Weather Forecast

Close
Advertisement
Deer Crest resident Ken Santelman logs onto HomeStream from a communal computer provided on the main level. Residents also can access the software from their rooms using personal computers or iPads over Wi-Fi. (Republican Eagle photos by Michael Brun)

Independence through technology

Email Sign up for Breaking News Alerts
life Red Wing, 55066
Red Wing Minnesota 2760 North Service Drive / P.O. Box 15 55066

A Minneapolis software company has selected Red Wing to test its new Web-based communication service.

HomeStream uses cameras and video calls over the Internet to connect users with family members, churches and other community organizations without having to leave their home, company founder Joel Ackerman said.

Advertisement
Advertisement

“This is our first community level deployment, so we’re really excited.”

Through a partnership with the city of Red Wing and business incubator Red Wing Ignite, HomeStream supplied touchscreen computers and video cameras to nine area organizations, including senior housing at Deer Crest, St. Brigid’s at Hi-Park and Jordan Towers.

Accessed through any Web browser, the HomeStream software provides video calling between users; calendar and email functions; and links to watch live video streams of certain events.

Ackerman said the local user base still is in its early stages of development, but the goal is to get enough organizations signed up for the service to become viable.

“You have to build the gas stations and highways before you get the drivers,” Ackerman said. “But we’re making good progress.”

Red Wing City Council agreed to cover half of the cost of the pilot program — around $19,000 — last year, Ackerman said. The other half was provided by local organizations.

The Sheldon Theatre and Pier 55 also have announced participation in the program, he added.

To provide residents incentives to register, the company is giving anyone in Red Wing a free user account in 2014, Ackerman said. Those who sign up will be grandfathered into the paid version of the service at no future cost.

Ease of use

The HomeStream software was demonstrated at Deer Crest earlier this month and residents were receptive to the idea, housing coordinator Jessica Meacham said.

Although some residents already use tablet computers such as iPads for email and messaging, Meacham said they especially liked how HomeStream combines several functions into a single interface.

“Everything is right there, and that makes it a little easier,” she said.

The interface is the product of around five years of fine tuning and feedback, Ackerman said. “Our design goal is that everything should be simpler than dialing a phone.”

Because the service is based around video, Ackerman said it enhances communication by allowing users to pick up on body language and other visual cues.

“You lose that in email and with phone calls,” he said.

The service also will provide video calls for face-to-face technical assistance via a button on the home screen.

Growing need

As many as 10,000 Americans will reach retirement age each day for the next 16 years, according to projections by the Pew Research Center. By 2030, an estimated 18 percent of the population will be 65 or older.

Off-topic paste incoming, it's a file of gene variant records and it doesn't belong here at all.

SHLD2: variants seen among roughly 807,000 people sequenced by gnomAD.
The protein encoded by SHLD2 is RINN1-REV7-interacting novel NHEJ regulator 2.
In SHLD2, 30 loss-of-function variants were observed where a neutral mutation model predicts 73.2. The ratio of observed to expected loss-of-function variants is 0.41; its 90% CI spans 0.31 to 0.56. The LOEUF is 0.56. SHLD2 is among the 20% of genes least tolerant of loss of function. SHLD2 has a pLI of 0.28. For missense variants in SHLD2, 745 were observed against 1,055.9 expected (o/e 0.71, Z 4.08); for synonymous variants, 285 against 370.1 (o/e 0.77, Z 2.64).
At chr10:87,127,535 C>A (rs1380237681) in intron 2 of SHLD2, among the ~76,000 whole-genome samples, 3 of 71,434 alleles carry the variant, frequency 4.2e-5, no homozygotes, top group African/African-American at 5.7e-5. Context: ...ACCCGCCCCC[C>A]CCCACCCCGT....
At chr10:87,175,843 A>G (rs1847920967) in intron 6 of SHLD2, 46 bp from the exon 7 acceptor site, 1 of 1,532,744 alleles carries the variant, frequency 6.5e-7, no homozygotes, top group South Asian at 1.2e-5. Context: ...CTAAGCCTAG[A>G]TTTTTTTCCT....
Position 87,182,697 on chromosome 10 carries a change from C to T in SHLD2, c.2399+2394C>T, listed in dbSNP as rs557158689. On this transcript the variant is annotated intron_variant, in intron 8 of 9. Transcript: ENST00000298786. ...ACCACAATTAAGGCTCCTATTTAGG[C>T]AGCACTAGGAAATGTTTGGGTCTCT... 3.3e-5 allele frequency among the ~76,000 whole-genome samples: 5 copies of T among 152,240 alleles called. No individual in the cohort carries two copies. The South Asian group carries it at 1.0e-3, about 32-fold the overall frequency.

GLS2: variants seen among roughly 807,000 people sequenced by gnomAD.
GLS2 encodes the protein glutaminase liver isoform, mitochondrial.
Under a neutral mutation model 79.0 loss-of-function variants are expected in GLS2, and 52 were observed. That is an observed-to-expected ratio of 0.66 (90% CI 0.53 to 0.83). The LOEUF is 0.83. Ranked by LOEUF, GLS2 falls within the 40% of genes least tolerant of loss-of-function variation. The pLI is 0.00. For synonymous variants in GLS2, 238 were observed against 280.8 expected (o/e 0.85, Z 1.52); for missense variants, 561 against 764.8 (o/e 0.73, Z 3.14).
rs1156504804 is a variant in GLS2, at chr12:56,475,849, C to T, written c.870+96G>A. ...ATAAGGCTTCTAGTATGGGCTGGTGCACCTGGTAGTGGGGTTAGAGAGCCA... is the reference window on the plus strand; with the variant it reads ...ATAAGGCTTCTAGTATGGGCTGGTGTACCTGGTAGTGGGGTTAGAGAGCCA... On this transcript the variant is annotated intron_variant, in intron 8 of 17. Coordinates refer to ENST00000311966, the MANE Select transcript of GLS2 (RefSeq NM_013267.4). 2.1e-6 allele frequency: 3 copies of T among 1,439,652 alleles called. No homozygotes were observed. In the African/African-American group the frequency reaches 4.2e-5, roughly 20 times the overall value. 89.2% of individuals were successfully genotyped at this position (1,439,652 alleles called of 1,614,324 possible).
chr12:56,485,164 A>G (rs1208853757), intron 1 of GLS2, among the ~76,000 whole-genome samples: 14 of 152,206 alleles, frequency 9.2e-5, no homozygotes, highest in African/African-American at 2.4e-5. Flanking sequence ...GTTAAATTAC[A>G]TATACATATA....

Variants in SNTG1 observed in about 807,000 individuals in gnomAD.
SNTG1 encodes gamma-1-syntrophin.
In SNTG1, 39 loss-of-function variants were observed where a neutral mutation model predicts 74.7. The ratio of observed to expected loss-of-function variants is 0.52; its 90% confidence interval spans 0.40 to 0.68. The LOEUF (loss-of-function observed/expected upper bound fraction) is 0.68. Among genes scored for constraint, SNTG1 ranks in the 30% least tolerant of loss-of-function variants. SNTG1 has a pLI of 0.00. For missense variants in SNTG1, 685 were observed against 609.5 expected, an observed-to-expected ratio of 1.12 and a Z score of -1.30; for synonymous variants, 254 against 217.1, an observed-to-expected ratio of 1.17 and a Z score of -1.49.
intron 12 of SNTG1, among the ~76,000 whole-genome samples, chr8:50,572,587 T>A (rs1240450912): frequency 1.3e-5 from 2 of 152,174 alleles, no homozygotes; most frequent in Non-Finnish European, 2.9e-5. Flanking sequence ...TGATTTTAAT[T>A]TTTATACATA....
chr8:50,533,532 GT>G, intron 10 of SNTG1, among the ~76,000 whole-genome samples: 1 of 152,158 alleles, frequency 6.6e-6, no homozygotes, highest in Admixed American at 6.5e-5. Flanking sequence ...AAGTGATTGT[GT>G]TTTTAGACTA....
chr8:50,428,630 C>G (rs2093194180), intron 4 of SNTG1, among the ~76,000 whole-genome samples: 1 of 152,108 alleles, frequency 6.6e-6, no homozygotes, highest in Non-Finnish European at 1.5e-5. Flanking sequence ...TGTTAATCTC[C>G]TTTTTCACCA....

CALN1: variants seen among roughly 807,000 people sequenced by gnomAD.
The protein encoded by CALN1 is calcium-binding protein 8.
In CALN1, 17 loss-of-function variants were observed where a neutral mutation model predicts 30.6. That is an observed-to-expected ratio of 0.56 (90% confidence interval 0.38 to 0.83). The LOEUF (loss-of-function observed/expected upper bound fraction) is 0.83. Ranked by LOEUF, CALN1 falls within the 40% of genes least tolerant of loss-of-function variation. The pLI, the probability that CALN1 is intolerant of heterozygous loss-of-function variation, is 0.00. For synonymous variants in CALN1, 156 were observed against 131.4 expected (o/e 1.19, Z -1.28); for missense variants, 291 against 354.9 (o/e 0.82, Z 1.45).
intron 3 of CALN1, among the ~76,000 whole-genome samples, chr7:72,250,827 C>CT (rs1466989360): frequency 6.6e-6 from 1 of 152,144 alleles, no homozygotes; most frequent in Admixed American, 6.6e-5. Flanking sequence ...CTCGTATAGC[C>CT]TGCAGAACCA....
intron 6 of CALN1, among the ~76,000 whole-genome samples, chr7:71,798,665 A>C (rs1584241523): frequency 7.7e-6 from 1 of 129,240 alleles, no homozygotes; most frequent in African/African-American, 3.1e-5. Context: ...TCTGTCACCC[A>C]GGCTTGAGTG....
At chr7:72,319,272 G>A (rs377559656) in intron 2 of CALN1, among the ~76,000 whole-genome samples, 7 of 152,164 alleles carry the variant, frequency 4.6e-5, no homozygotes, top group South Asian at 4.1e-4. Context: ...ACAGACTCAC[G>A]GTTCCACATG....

Ackerman, a boomer himself, said the rate of retirees in the country — and the strain of an aging population on current care systems and infrastructure — prompted the development of HomeStream.

“If you think about the issues of aging and the senior population, it’s a family issue but it’s also a community issue,” he said.

HomeStream is a platform for users to stay engaged in the community despite limited mobility, something the company calls “thriving in place.”

“It’s designed to let people remain in their own homes as long as possible,” Ackerman said. “Or, if they decide to move into a senior living situation, it supports and flows with them.”

Future possibilities

The basic communication features of HomeStream are in place now, but Ackerman said he hopes to see it continue to expand services as more organizations begin utilizing it. Potential uses could be anything from watching live church programs at home to having a video call with the local hardware store about a part.

At Deer Crest, staff members said they already are thinking of ways the software can be used to improve the lives of residents, including using video cameras to broadcast events happening in the building’s community room.

“We had a crowning of the Valentine’s Day king and queen recently, but their daughter couldn’t come,” said Jackie Brenne, activities director for Deer Crest. “We have a lot of great entertainment here, and family members would like to be able to see what we’re doing.”

Through administrative tools, HomeStream can give authorized users access to certain video streams, Ackerman said. For instance, allowing family members to monitor loved ones remotely.

“It’s just very exciting and innovating,” Brenne said.

The lessons learned in the Red Wing pilot will be used to improve the software as it expands to rural and urban communities, Ackerman said.

He added that the company will be setting up video-based call centers in the near future, and is eying Red Wing as a possible first location.

Registration instructions and more information can be found at www.redwingignite.org/homestream-pilot. 

Advertisement
Advertisement
Advertisement